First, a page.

A lot of things. In hindsight, I look at it and I’ve pinpointed it to the straw that broke the camel’s back. I was in fifth grade was when I realized I quit caring about school. I quit caring about everything going on. In my fifth-grade class, I was up at the front of the chalkboard and they were asking me to do a problem and the teacher’s like, “Write the reciprocal of 3/5.” I’m like, “I got this. I can do this.” I wrote down what I thought was the answer on the board. I didn’t know at the time that I’m dyslexic, so numbers and letters all flip around for me and I get them out of order all the time. I wrote down what I thought it was, turned around, proud that I knew what was going on and the teacher asked me, “Are you stupid?” right in front of everybody. I had about half the class who was laughing and I had about half the class who shared my pain at that moment.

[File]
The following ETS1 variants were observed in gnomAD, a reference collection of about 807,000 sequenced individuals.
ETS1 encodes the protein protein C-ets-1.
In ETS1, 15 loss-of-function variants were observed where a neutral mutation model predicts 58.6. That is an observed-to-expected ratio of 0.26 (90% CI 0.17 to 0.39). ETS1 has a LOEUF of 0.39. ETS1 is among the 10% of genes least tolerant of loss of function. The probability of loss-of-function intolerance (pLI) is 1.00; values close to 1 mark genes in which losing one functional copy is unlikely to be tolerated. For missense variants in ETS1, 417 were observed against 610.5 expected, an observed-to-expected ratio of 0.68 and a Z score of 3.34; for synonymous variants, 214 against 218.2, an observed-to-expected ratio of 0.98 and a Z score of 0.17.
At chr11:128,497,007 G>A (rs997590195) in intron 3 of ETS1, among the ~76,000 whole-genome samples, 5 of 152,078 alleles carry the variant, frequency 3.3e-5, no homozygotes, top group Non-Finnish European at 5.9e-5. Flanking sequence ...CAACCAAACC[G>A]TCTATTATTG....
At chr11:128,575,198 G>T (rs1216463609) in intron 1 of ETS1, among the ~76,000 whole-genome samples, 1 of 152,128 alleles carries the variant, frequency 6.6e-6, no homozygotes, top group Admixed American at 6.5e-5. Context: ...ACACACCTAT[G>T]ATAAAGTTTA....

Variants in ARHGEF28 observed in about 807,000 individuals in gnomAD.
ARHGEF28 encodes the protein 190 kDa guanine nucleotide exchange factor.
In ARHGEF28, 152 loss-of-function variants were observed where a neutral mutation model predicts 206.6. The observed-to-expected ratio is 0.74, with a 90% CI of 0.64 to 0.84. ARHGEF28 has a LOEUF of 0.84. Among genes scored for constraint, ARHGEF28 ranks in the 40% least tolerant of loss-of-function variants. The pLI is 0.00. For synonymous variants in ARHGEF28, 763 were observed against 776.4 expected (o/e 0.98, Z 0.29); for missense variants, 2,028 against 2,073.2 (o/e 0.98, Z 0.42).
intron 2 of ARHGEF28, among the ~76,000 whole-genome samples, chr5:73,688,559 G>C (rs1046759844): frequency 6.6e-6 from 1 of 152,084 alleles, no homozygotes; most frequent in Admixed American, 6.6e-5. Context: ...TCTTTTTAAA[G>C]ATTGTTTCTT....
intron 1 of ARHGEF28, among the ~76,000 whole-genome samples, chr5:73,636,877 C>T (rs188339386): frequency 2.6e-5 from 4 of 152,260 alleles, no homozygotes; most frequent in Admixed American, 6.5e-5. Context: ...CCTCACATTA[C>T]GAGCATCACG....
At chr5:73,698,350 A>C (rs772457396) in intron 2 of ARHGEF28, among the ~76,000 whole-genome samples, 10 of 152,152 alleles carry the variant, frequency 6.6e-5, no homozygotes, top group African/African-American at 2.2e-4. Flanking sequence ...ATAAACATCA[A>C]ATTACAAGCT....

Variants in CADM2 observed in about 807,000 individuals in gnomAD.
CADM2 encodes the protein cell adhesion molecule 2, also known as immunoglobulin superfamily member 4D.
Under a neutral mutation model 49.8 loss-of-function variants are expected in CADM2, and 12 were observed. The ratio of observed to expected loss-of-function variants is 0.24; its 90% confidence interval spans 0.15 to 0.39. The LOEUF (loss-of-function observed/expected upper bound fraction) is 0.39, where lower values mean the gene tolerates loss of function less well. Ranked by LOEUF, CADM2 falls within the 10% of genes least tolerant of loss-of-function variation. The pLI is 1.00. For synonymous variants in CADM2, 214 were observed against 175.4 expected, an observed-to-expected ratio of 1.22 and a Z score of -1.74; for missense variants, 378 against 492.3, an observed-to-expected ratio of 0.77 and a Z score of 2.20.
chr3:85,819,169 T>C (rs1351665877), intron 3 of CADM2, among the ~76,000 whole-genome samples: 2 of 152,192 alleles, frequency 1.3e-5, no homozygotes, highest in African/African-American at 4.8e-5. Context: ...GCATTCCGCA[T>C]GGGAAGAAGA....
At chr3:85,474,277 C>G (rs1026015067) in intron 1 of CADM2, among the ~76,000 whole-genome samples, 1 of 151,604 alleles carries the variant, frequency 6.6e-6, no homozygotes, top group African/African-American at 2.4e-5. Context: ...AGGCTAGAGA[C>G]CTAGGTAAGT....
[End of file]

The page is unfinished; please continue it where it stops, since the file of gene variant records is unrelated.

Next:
I’m at the front of the classroom and I don’t even know how to act because I never thought I was stupid. I always thought I was smart up until this point. Her asking me got me thinking. I have five sisters, definitely not the first time I’ve been called stupid, but it’s the first time I’ve been called stupid by an authority figure or somebody who I would never expect it to come from. I’m sitting there and I could tell my face was getting super red. Even thinking about it now, I go back to the embarrassment of that moment and it feels real to me even still. I started thinking about it and I’m like, “What do I do?” I started walking back to my desk and I feel tears coming out of my face. I’m embarrassed because I was called stupid and I’m the kid that’s crying in class. I sunk back down into my seat. I remember I’m never going to put myself in a position to be called stupid again. That was the slippery slope where it all went downhill from there.